An employer may be obliged to conduct a police check where there is a legal requirement that an employee or job applicant should not have a certain criminal record.

However, an employer should only ask job applicants and employees to disclose criminal record information if certain criminal convictions or offences are relevant to the inherent requirements of the job.

Asking an applicant or employee irrelevant questions about their criminal record and then relying on this information to treat the person less favourably could be discrimination. The Commission can investigate complaints of discrimination in employment on the basis of criminal record and, where appropriate, try to resolve them by conciliation.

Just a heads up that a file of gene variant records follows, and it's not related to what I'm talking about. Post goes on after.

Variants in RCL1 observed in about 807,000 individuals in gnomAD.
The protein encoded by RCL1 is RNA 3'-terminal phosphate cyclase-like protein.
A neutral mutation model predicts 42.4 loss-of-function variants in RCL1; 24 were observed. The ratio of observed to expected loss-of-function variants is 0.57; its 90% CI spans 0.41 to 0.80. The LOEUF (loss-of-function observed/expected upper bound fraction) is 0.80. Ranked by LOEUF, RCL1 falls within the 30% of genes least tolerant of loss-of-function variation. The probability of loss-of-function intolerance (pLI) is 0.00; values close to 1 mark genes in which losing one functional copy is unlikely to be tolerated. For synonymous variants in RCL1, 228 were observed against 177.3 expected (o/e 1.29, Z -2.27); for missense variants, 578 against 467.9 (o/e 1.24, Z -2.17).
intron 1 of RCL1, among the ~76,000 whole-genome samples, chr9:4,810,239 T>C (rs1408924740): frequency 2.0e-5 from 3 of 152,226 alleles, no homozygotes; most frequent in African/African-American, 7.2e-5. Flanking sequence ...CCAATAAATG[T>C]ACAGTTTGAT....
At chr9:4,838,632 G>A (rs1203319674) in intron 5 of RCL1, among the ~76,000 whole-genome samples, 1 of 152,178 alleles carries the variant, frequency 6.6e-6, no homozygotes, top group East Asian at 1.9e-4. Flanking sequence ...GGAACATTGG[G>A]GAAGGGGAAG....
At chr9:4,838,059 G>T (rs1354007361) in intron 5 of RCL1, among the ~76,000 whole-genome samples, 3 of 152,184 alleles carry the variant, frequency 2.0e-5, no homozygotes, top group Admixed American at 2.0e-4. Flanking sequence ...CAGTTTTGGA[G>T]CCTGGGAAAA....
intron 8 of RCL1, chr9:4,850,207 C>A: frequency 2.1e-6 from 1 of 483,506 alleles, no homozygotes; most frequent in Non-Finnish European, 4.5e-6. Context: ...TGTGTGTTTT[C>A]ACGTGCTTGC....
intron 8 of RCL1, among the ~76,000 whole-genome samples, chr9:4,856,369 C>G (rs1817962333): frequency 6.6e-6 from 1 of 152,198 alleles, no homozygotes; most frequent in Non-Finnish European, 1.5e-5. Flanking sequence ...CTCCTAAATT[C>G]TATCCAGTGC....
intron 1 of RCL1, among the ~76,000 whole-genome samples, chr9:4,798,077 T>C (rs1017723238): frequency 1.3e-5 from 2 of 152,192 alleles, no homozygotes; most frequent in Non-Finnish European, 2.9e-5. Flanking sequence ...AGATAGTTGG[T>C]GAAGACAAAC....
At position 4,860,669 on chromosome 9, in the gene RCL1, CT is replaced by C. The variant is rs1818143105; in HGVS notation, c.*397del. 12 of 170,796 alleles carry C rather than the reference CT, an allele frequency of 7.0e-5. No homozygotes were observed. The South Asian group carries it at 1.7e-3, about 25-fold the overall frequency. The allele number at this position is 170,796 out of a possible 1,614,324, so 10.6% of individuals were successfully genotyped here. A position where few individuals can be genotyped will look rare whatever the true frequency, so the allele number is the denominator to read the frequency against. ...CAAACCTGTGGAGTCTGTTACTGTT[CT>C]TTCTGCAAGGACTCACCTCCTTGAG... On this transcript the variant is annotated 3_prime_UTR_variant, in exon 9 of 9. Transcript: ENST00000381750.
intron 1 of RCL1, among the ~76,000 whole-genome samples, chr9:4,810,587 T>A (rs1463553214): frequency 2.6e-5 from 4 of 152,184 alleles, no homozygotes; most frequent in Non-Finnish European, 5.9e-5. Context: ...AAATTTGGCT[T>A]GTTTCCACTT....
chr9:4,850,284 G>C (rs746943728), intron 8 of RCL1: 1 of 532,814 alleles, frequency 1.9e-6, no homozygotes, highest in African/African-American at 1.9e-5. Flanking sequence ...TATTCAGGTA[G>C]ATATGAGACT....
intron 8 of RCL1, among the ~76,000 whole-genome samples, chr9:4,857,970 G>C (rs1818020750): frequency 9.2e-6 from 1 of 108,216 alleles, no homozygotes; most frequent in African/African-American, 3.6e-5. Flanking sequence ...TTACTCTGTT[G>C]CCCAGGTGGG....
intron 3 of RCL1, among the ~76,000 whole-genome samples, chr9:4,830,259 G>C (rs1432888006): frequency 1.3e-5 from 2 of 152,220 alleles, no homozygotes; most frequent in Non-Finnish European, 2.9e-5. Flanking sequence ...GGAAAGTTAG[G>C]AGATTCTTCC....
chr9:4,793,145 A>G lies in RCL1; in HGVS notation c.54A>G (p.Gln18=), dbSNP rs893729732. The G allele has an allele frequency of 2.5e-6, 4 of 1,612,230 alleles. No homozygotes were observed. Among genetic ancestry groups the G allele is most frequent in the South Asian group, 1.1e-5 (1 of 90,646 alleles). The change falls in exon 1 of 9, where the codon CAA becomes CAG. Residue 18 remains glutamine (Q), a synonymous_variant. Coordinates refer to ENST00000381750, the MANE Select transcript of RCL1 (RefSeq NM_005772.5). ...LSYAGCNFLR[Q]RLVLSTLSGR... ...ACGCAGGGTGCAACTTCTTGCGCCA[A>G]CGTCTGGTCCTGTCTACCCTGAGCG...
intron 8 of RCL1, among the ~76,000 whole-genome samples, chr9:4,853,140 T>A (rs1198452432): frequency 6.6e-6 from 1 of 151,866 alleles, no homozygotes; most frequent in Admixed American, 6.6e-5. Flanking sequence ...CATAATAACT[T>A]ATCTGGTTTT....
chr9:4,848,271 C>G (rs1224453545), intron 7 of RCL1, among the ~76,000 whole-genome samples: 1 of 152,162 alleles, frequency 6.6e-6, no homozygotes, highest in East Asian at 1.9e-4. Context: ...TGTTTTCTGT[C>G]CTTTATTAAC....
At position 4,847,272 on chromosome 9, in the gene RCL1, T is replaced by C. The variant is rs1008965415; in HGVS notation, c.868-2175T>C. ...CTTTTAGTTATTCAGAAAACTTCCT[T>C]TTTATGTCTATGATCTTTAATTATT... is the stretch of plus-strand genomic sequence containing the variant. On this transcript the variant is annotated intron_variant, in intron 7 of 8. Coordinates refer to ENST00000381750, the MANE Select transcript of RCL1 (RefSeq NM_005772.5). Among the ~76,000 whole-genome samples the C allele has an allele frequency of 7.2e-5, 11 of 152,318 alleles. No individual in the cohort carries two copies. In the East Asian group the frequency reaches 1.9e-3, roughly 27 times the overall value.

Employees and applicants must consent to a police check. If a police check is required for a job, this should be stated in information sent out to job applicants.

Example: An applicant for a job as a nurse was told their application would not be considered if they did not consent to a police history check. The employer could not show that it was relevant to the inherent requirements of the job that a police check be completed. This could be discrimination.